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For Supreme Court junkies, 2007 has produced a bumper crop of books that shed light on that mysterious institution and its always fascinating members. As others have noted, Jan Crawford Greenburg’s Supreme Conflict and Jeffrey Toobin’s The Nine have, from different perspectives, told us more inside information about the Court — in a readable and credible way — than any other journalist’s book since The Brethren in 1979. And though Justice Clarence Thomas’ narrative in My Grandfather’s Son ends when he joins the Court, it is a powerful read that bares not only his soul but his mind, his preferences, and his prejudices. No one who follows the Court can afford to skip Thomas’ book — or Greenburg’s and Toobin’s, for that matter. But that trio of books, each of which has made it to the bestseller list this year, does not exhaust the catalog of valuable books about the judiciary published in 2007. The year should not end without notice of a few of those lesser-known works: High court roundup: The Supreme Court: An Essential History, by Peter Charles Hoffer, Williamjames Hull Hoffer, and N.E.H. Hull, which charts the Court’s evolution under each chief justice, is a worthy successor to the late Bernard Schwartz’s 1993 work, A History of the Supreme Court, in the category of single-volume histories. For a lay audience of inquisitive people, David Hudson Jr.’s Handy Supreme Court Answer Book is remarkably comprehensive and fascinating. Where else could you find out the identity of the tallest justice on the high court? (Answer: Horace Gray at 6 feet 6 inches; he was also the first justice to hire law clerks, back in 1882.) Foreign matter: The raging debate over the use of foreign law in American jurisprudence has cooled a bit lately. But a small volume just issued by the American Society of International Law makes it clear the judiciary has swung between internationalism and insularity before. Edited by Christopher Borgen, “ A Decent Respect to the Opinions of Mankind .�.�.” offers speeches given to the society by justices beginning with William Howard Taft in 1922, and their tone as well as their content is revealing. In 1945, Justice Robert Jackson prophetically told the group that if the United States was going to help build international legal institutions, it had to be ready to lose some disputes: “ It is futile to think, as extreme nationalists do, that we can have an international law that is always working on our side.” Opinionated: Most of us puzzle over the content of judicial opinions. Scholar William Popkin has looked into why opinions are written the way they are. In the surprisingly fascinating Evolution of the Judicial Opinion, the Indiana University law professor sketches the history of judicial opinion writing and the recent emergence of a more personal style, personified by Judge Richard Posner of the U.S. Court of Appeals for the 7th Circuit. Posner’s footnote-free, often funny, and colloquial opinions have won him a wide following. Judicial fiction: Brad Meltzer first explored the allure and pitfalls of being a law clerk in his terrific debut thriller, The Tenth Justice, in 1998. Now Scott Douglas Gerber, an able early biographer of Justice Thomas, has tried again in The Law Clerk. A law professor at Ohio Northern University, Gerber should probably hang on to his day job for now, but he captures the clerkship experience and manages to work in teachable moments on First Amendment doctrine relating to pornography. Press time: The relationship between the judiciary and the media is an uneasy one, Mississippi Supreme Court Justice James Graves Jr. says in one essay in the informative Bench Press, but “in fact both the media and the courts need each other.” Drawn from a 2005 conference sponsored by Syracuse University and edited by Keith Bybee, the book offers criticism of the media and the judiciary alike, and illuminates the evolving way in which courts are covered. Internet coverage of the courts offers promise and danger, writes Slate’s Dahlia Lithwick in another essay. Bloggers, she says, can take easy swipes at judges and let sentences from opinions stand isolated and out of context, “like so many stolen hubcaps.”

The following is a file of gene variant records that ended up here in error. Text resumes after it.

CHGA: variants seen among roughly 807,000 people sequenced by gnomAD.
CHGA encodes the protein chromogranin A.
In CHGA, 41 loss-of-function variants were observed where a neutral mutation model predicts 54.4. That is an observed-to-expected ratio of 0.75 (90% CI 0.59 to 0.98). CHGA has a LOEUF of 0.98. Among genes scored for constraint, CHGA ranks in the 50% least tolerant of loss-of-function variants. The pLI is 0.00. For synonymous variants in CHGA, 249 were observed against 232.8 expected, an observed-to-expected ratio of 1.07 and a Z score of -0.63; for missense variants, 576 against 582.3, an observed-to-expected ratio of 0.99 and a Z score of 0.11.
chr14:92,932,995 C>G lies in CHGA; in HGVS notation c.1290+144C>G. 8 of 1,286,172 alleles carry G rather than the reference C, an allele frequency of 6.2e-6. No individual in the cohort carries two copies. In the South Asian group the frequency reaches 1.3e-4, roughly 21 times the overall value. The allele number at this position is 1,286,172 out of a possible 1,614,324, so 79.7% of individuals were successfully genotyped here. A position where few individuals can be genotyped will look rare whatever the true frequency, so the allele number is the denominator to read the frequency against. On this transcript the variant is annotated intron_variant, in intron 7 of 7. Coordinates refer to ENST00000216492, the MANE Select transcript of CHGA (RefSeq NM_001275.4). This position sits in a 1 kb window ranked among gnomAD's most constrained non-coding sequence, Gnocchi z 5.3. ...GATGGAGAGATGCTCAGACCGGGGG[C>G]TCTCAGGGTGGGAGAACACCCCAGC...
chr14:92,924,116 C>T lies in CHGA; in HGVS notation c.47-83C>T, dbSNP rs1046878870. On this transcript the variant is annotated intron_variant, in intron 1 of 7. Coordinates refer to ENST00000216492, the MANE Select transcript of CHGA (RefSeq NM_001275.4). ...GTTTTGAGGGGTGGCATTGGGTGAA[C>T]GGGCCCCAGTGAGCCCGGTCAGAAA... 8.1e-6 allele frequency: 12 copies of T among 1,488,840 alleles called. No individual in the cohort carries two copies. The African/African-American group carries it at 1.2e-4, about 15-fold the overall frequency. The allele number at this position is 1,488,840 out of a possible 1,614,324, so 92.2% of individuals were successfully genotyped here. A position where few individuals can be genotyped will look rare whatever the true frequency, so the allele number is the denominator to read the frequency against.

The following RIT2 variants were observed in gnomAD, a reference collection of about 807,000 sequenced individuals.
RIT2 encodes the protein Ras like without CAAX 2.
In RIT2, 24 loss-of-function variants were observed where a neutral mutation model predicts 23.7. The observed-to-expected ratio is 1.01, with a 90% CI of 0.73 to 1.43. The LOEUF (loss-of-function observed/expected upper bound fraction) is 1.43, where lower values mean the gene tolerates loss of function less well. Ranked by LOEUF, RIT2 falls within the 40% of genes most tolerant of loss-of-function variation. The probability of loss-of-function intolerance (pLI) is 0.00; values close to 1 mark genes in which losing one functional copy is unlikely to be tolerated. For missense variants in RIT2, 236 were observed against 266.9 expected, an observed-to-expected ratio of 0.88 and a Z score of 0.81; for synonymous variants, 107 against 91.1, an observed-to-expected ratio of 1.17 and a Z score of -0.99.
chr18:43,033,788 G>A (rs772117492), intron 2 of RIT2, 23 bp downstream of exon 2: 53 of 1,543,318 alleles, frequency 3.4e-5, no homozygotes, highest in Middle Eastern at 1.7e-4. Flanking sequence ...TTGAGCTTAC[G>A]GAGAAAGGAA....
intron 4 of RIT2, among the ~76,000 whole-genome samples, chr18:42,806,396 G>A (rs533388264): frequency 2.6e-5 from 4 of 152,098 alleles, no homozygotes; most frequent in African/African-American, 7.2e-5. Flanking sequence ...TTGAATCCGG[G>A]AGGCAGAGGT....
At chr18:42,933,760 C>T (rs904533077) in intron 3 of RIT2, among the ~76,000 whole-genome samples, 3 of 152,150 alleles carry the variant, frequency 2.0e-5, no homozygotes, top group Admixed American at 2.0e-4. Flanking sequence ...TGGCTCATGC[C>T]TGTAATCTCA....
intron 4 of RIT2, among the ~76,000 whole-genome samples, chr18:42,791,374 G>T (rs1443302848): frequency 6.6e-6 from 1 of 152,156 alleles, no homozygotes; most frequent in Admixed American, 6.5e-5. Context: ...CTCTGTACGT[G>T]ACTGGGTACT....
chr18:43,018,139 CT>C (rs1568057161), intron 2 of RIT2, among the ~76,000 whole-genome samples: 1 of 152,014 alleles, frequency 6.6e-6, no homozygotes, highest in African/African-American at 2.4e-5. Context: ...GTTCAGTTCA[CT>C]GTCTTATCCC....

Tony Mauro can be contacted at [email protected].

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